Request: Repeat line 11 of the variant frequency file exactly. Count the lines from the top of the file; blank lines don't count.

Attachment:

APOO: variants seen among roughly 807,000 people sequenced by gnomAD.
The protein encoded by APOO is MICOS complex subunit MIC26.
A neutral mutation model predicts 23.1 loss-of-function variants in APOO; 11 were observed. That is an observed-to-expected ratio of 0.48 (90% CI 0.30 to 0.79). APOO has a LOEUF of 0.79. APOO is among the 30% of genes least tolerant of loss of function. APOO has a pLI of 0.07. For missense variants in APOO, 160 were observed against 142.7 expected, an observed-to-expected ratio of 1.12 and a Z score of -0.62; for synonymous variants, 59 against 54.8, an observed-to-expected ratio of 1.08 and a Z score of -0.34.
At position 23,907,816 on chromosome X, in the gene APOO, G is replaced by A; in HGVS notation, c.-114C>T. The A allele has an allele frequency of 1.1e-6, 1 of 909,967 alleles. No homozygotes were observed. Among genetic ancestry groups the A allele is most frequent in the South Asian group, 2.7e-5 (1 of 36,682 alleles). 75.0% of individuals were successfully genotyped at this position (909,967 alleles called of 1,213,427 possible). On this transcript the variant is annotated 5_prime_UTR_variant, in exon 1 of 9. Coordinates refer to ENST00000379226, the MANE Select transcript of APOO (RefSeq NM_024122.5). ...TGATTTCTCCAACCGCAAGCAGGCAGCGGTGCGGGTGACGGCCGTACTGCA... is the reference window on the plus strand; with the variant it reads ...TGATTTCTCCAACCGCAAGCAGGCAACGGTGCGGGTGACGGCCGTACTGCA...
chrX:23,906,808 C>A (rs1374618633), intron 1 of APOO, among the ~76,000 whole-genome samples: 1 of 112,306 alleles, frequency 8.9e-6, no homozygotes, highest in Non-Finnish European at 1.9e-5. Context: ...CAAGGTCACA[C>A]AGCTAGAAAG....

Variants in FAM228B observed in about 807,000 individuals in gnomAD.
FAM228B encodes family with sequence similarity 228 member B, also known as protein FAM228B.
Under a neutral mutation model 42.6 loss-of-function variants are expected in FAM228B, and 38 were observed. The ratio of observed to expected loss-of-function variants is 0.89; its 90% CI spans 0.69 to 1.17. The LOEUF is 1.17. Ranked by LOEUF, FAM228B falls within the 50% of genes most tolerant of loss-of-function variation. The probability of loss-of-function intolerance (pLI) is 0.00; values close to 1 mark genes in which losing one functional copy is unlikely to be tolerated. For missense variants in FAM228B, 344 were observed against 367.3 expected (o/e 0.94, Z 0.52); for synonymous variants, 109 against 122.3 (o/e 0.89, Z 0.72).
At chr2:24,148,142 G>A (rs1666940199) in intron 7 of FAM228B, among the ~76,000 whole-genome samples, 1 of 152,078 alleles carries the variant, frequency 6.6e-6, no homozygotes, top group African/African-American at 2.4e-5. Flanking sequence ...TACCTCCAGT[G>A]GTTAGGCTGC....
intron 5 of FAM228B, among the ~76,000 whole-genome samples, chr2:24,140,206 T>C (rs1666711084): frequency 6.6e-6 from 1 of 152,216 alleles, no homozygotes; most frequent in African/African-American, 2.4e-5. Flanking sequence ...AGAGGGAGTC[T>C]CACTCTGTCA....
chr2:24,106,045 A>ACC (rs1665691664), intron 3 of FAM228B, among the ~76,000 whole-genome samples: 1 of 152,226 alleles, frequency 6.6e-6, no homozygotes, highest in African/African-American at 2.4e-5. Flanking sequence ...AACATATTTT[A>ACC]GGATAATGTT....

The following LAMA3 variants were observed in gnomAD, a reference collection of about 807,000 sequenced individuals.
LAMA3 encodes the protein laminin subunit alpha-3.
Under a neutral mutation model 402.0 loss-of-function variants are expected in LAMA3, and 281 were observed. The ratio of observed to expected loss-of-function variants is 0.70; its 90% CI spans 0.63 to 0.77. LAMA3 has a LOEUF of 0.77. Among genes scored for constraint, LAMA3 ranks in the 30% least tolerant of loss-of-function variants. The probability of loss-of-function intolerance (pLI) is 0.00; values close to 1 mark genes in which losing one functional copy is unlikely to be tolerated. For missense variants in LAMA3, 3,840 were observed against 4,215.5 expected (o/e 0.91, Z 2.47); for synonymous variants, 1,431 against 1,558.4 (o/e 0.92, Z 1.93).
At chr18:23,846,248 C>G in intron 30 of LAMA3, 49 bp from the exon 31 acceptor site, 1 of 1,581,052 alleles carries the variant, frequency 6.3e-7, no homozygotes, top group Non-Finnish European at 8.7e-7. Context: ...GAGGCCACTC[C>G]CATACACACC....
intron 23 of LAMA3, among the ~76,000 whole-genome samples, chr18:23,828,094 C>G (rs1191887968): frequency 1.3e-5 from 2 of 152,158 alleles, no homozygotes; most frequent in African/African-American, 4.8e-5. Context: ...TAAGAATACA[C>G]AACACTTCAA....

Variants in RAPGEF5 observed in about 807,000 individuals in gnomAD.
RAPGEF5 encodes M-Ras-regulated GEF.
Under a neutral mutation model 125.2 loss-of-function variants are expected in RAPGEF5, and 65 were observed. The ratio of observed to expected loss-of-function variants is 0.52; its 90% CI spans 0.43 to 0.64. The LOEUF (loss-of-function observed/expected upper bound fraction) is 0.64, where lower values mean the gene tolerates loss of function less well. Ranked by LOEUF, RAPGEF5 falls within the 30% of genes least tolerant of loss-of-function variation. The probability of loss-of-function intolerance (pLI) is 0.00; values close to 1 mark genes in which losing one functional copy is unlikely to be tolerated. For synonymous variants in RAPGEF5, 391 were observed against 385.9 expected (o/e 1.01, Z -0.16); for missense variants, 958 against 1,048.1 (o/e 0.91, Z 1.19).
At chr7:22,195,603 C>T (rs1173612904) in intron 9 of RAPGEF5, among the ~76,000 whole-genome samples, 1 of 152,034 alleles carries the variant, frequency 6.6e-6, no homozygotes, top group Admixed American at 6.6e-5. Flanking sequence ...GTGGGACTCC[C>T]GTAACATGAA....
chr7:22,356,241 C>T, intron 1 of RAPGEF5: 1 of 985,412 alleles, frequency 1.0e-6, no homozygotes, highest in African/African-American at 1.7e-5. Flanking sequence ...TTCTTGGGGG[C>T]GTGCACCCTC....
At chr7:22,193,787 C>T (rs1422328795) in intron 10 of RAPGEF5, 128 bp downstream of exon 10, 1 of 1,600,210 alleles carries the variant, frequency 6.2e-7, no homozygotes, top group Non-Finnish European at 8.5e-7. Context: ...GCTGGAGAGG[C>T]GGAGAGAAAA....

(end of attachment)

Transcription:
chr2:24,106,045 A>ACC (rs1665691664), intron 3 of FAM228B, among the ~76,000 whole-genome samples: 1 of 152,226 alleles, frequency 6.6e-6, no homozygotes, highest in African/African-American at 2.4e-5. Flanking sequence ...AACATATTTT[A>ACC]GGATAATGTT....